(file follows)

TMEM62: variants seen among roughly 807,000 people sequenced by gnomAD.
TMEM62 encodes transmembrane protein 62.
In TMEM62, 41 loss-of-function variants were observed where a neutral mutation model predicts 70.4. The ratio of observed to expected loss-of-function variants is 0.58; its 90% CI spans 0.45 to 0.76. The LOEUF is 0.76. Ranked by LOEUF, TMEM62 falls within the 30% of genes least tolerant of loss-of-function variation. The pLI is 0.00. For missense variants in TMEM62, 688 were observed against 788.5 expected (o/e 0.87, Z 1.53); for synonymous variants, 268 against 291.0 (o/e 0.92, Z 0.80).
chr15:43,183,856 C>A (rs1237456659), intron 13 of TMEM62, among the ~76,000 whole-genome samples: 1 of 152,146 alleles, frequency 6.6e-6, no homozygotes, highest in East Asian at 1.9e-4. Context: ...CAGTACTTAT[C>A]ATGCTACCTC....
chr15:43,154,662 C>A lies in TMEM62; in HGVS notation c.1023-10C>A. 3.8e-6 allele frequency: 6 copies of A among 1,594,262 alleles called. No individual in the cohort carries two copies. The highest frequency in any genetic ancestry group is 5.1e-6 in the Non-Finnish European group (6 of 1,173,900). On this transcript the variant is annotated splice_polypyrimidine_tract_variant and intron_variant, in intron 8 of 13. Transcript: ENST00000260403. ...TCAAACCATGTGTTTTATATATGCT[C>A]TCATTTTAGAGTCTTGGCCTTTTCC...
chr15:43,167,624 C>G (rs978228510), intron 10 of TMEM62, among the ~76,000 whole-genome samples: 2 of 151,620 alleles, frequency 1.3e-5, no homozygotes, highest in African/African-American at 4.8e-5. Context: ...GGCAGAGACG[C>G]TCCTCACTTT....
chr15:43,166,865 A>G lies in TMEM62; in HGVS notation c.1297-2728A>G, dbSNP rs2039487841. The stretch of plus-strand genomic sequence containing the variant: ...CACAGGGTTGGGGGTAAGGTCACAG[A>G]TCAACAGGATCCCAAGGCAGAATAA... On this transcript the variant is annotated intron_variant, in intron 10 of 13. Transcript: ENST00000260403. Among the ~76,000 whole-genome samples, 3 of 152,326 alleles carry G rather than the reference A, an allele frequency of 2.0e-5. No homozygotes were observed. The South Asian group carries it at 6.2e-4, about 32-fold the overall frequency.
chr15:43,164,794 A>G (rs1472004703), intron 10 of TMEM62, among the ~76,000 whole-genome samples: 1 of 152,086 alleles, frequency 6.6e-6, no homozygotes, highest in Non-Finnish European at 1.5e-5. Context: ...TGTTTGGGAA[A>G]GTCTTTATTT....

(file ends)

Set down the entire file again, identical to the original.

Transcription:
TMEM62: variants seen among roughly 807,000 people sequenced by gnomAD.
TMEM62 encodes transmembrane protein 62.
In TMEM62, 41 loss-of-function variants were observed where a neutral mutation model predicts 70.4. The ratio of observed to expected loss-of-function variants is 0.58; its 90% CI spans 0.45 to 0.76. The LOEUF is 0.76. Ranked by LOEUF, TMEM62 falls within the 30% of genes least tolerant of loss-of-function variation. The pLI is 0.00. For missense variants in TMEM62, 688 were observed against 788.5 expected (o/e 0.87, Z 1.53); for synonymous variants, 268 against 291.0 (o/e 0.92, Z 0.80).
chr15:43,183,856 C>A (rs1237456659), intron 13 of TMEM62, among the ~76,000 whole-genome samples: 1 of 152,146 alleles, frequency 6.6e-6, no homozygotes, highest in East Asian at 1.9e-4. Context: ...CAGTACTTAT[C>A]ATGCTACCTC....
chr15:43,154,662 C>A lies in TMEM62; in HGVS notation c.1023-10C>A. 3.8e-6 allele frequency: 6 copies of A among 1,594,262 alleles called. No individual in the cohort carries two copies. The highest frequency in any genetic ancestry group is 5.1e-6 in the Non-Finnish European group (6 of 1,173,900). On this transcript the variant is annotated splice_polypyrimidine_tract_variant and intron_variant, in intron 8 of 13. Transcript: ENST00000260403. ...TCAAACCATGTGTTTTATATATGCT[C>A]TCATTTTAGAGTCTTGGCCTTTTCC...
chr15:43,167,624 C>G (rs978228510), intron 10 of TMEM62, among the ~76,000 whole-genome samples: 2 of 151,620 alleles, frequency 1.3e-5, no homozygotes, highest in African/African-American at 4.8e-5. Context: ...GGCAGAGACG[C>G]TCCTCACTTT....
chr15:43,166,865 A>G lies in TMEM62; in HGVS notation c.1297-2728A>G, dbSNP rs2039487841. The stretch of plus-strand genomic sequence containing the variant: ...CACAGGGTTGGGGGTAAGGTCACAG[A>G]TCAACAGGATCCCAAGGCAGAATAA... On this transcript the variant is annotated intron_variant, in intron 10 of 13. Transcript: ENST00000260403. Among the ~76,000 whole-genome samples, 3 of 152,326 alleles carry G rather than the reference A, an allele frequency of 2.0e-5. No homozygotes were observed. The South Asian group carries it at 6.2e-4, about 32-fold the overall frequency.
chr15:43,164,794 A>G (rs1472004703), intron 10 of TMEM62, among the ~76,000 whole-genome samples: 1 of 152,086 alleles, frequency 6.6e-6, no homozygotes, highest in Non-Finnish European at 1.5e-5. Context: ...TGTTTGGGAA[A>G]GTCTTTATTT....